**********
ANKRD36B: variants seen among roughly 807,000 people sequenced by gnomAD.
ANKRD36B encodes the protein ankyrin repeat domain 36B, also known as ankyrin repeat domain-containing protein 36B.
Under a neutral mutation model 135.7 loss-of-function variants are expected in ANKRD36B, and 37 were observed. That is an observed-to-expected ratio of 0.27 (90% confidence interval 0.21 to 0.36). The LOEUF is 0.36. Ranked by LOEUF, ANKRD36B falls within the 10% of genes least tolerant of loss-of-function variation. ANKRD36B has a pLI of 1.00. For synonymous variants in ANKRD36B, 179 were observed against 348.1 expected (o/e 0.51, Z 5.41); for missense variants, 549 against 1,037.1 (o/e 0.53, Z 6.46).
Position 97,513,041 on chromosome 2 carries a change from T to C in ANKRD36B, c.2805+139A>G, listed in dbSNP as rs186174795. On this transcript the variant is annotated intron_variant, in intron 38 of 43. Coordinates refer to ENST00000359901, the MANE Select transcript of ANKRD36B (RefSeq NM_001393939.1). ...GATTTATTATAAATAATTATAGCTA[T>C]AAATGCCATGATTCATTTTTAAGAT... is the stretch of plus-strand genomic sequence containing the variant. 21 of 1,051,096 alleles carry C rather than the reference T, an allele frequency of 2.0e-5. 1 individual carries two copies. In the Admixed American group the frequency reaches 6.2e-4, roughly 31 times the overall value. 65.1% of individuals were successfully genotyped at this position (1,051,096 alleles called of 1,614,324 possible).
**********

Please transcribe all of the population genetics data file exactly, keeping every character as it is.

ANKRD36B: variants seen among roughly 807,000 people sequenced by gnomAD.
ANKRD36B encodes the protein ankyrin repeat domain 36B, also known as ankyrin repeat domain-containing protein 36B.
Under a neutral mutation model 135.7 loss-of-function variants are expected in ANKRD36B, and 37 were observed. That is an observed-to-expected ratio of 0.27 (90% confidence interval 0.21 to 0.36). The LOEUF is 0.36. Ranked by LOEUF, ANKRD36B falls within the 10% of genes least tolerant of loss-of-function variation. ANKRD36B has a pLI of 1.00. For synonymous variants in ANKRD36B, 179 were observed against 348.1 expected (o/e 0.51, Z 5.41); for missense variants, 549 against 1,037.1 (o/e 0.53, Z 6.46).
Position 97,513,041 on chromosome 2 carries a change from T to C in ANKRD36B, c.2805+139A>G, listed in dbSNP as rs186174795. On this transcript the variant is annotated intron_variant, in intron 38 of 43. Coordinates refer to ENST00000359901, the MANE Select transcript of ANKRD36B (RefSeq NM_001393939.1). ...GATTTATTATAAATAATTATAGCTA[T>C]AAATGCCATGATTCATTTTTAAGAT... is the stretch of plus-strand genomic sequence containing the variant. 21 of 1,051,096 alleles carry C rather than the reference T, an allele frequency of 2.0e-5. 1 individual carries two copies. In the Admixed American group the frequency reaches 6.2e-4, roughly 31 times the overall value. 65.1% of individuals were successfully genotyped at this position (1,051,096 alleles called of 1,614,324 possible).